Wow I feel like this post is very deep, but this issue bothers me, especially with the rising numbers of youths with depression and anxiety. Let me know how you guys feel about this, and I apologise if I have caused any offence, as none was intended.

Have a great rest of your Sunday evening, and if you have to go back to work tomorrow, I hope you had a brilliant Christmas break!

christmas, events, family

A typical Australian family Christmas…


Also sorry I haven’t posted the past couple of days, but my cousin has come from Australia so its been a pretty hectic (but amazeballs) Christmas Eve/day. Even though I didn’t spend Christmas in Australia this year, I think its such a different and major event for my family, that I wanted to tell you guys what happens.

My family and I always stay at my grandparents’ house for Christmas (when we go), and on Christmas Eve we leave out, as tradition tells, a caramel koala and a mince pie for Santa, then go to bed, all excited for Christmas Day. When we wake up, the first thing we see when we come out of our bedroom is the living room, which heralds the massive, amazingly decorated by us, Christmas tree. My two siblings and I always wake up first, and we rush ecstatically to look at all the presents, waiting ‘patiently’ for our parents and grandparents to wake up. (Which usually involves a lot of jumping on beds) After the presents are opened (screaming and mess happens here) breakfast is made.

In Australia, I spend Christmas with my dad’s family, and he’s one of six children, all of whom have three or four kids each. Meaning we have a massive family! For lunch, we ALL go to one of the houses and have a massive feast with potato bake, ham, chicken, turkey, veggies and even prawns! (Massive ones to be exact) The classic drink for me is of course: Solo. For all you non-Australians reading this, it is the best lemon drink ever made. As a surprise this year, my mum bought us a few Aussie goodies – including Solo, Mint Slices (!), and of course, my favourite, the legendary strawberry Freddo Frog.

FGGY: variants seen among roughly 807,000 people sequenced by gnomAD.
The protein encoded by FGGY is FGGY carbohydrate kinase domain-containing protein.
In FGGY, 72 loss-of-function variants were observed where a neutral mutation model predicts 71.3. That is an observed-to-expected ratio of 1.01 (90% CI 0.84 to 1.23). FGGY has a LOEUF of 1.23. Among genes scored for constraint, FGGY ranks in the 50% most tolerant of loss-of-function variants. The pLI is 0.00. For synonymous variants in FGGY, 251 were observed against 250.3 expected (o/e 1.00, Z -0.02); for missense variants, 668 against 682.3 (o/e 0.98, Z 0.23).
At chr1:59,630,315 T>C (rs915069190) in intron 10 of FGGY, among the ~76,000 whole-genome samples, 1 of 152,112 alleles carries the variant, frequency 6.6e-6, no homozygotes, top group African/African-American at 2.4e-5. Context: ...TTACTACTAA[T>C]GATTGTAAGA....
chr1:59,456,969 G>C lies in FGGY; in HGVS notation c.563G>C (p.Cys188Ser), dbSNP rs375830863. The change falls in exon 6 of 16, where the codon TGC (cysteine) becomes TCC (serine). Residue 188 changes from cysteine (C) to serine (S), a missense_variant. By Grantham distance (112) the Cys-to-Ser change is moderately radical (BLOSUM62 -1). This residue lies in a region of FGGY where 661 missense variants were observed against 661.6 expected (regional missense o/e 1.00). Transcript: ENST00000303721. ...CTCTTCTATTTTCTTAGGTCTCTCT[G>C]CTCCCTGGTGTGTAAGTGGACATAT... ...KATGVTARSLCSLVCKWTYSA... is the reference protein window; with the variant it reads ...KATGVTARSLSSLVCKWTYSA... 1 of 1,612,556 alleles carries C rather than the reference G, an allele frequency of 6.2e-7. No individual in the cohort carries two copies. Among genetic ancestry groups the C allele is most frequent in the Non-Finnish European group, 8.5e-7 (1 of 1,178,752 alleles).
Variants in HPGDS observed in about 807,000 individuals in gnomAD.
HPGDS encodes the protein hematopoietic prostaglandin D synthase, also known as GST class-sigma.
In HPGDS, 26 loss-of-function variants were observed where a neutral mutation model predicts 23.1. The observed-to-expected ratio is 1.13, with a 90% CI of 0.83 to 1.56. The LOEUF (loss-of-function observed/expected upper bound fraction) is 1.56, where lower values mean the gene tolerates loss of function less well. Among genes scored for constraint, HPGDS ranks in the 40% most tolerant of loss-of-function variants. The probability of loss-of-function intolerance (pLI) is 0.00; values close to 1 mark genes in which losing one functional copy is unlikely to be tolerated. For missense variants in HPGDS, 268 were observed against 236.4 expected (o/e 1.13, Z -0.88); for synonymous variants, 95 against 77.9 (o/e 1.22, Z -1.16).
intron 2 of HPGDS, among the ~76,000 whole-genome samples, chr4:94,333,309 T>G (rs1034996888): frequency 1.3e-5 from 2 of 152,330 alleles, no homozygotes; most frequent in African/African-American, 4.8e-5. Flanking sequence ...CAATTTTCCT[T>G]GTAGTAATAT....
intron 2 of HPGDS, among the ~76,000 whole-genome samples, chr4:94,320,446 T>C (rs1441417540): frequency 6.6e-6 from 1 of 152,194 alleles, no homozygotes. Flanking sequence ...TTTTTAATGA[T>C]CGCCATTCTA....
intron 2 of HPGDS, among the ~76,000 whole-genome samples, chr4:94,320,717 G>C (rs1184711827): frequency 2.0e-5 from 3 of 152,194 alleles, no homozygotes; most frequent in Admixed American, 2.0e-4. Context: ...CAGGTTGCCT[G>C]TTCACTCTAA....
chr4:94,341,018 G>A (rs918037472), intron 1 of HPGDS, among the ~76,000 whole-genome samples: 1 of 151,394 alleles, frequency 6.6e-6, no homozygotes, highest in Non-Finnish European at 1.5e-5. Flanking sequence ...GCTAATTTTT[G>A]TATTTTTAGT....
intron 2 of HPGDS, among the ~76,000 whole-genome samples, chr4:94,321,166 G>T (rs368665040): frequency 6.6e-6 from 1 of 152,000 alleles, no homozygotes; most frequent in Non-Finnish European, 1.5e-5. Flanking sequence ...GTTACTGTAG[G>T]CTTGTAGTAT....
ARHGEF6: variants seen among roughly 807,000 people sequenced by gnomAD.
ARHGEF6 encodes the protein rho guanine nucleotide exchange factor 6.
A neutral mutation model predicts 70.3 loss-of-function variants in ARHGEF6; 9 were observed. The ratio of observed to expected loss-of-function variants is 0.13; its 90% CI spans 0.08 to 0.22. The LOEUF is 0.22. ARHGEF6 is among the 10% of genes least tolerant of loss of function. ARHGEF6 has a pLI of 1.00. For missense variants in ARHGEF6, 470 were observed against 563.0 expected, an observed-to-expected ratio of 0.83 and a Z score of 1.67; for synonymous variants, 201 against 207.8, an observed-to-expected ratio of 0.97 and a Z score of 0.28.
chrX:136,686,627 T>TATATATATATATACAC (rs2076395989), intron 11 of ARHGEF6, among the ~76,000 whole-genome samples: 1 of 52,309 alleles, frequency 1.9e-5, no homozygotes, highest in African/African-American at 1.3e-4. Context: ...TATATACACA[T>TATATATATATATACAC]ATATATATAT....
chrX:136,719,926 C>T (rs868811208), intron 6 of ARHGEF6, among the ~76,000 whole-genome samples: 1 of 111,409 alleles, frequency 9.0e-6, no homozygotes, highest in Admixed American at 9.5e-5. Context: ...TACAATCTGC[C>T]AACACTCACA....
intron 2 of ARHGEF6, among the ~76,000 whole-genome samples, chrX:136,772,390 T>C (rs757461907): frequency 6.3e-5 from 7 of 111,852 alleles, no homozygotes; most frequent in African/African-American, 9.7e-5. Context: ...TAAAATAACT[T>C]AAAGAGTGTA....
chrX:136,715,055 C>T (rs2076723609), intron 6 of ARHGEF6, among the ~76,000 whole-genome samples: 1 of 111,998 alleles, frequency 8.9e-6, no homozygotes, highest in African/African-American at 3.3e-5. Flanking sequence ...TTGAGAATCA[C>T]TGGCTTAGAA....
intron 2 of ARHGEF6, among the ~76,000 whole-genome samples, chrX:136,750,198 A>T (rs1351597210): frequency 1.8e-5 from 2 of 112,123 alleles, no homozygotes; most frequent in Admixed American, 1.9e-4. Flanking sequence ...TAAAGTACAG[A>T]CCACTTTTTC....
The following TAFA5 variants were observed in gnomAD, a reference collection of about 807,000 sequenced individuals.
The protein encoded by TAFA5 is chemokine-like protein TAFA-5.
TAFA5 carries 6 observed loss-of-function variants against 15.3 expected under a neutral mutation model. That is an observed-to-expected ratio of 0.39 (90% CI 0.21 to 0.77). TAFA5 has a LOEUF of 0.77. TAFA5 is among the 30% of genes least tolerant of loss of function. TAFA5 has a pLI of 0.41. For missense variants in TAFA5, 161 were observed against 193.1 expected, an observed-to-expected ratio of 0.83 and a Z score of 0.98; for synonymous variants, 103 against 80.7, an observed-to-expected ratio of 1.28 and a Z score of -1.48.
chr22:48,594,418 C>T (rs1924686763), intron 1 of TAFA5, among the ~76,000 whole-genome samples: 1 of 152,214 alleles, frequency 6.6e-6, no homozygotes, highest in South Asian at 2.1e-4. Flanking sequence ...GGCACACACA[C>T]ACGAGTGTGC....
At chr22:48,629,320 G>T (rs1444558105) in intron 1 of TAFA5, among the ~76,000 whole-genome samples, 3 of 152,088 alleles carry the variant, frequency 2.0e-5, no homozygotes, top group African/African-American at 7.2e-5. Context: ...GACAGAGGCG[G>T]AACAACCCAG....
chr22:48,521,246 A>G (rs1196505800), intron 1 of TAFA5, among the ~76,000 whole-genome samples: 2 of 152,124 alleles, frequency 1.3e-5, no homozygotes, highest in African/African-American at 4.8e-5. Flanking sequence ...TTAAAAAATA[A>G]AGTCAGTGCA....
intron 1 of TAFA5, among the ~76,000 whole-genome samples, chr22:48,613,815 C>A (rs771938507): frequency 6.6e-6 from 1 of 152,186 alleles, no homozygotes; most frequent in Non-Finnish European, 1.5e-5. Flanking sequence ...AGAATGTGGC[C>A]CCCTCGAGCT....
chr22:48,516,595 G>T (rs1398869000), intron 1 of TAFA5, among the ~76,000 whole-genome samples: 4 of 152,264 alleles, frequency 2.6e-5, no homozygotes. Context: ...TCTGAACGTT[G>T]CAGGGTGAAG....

Once we finish the main course, which isn’t usually a big sit down thing because, honestly, their just isn’t enough room, all of the cousins play the legendary annual family football (soccer for you Americans/Australians) and cricket match, which usually gets the majority of the fathers involved as well. It is so much fun, but as Australia is in the height of its summer at Christmas, (so unbearably hot!) and basically everyone has a pool, so most of us go for a swim to cool down sometime during the afternoon. (as well as the dogs!) Dessert is also a massive event, with practically the whole of my family having a major sweet tooth. We all just hang out for hours, and we all get along so well which is fantastic!! In the words of Miranda, “Such fun!!”

I hope everyone had a brill Christmas celebrating with family and friends, and hope you like this little peek into my Christmases in Australia. Love ya all, and to all, g’night!!